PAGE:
The release of the film really kicked something off in the west in the ’90s. There was suddenly an appetite for anime and manga. If the Japanese were producing things as awesome as Akira it was assumed there was even more awesomeness waiting to be discovered. So Manga Entertainment and Central Park Media flooded us with titles ranging in quality from the great (Dominion: Tank Police 1989, Vampire Hunter D 1985) to the banal trash (Violence Jack 1986) which was sexed up with extra swear words in the English dubs. It was an interesting time of discovery, and it was genuinely great to have an alternative to the endless straight to video action schlock that flooded the market.
Akira was, however, the standout title. Even in its atrocious dub and panned and scanned versions, it was clear that this was a monumental achievement in terms of animation and complex storytelling. There had never been anything so epic, so adult and so detailed before. Even if you didn’t quite understand the plot first time, it kept you going back to learn more. Akira was influential on a whole generation of filmmakers. Without Akira, it’s unlikely we would have gotten The Matrix (1999) and it’s arguable that Edgar Wright wouldn’t have his hyper-kinetic style which often feels like anime with real people. Along with Blade Runner (1982), Akira put cyberpunk on the map as a sub-genre and gave a lot of visual interpretation to what many authors were only writing about back then.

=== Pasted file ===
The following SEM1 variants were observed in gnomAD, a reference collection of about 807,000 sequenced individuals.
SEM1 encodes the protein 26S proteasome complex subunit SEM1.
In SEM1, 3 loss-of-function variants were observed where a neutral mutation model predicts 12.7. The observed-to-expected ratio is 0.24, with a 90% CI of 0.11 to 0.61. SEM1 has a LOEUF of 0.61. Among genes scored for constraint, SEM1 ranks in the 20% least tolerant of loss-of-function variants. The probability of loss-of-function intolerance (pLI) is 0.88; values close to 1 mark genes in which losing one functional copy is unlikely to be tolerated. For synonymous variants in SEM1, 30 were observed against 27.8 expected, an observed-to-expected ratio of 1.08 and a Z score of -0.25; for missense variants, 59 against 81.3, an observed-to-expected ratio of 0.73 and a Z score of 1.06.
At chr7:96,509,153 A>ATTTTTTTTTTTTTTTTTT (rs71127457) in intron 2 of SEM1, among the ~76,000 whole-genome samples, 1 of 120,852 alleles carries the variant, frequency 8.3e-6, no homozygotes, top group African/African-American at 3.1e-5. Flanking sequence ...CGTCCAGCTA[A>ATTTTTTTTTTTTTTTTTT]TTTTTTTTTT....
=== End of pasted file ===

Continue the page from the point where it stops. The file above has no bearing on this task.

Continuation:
Without someone as talented as The Waschowski siblings guiding the project and knowing exactly what it needs to be, Akira will always be a bad idea for a western adaptation. It feels like they have been making the wrong noises from the start with the potential casting and inexperienced directors attached. Taika Waititi is a great filmmaker, but let’s be honest, none of his previous work indicates that he would be a great fit for this material. Akira is dark, doom-laden and violent, it’s a world away from the Day-Glo fun of Ragnarok and the comedy of Hunt for the Wilderpeople (2016). Probably the best name rumoured to be involved was Christopher Nolan, a director who enjoys the freedom to pull off a faithful adaptation, but let’s think about this from a cultural perspective.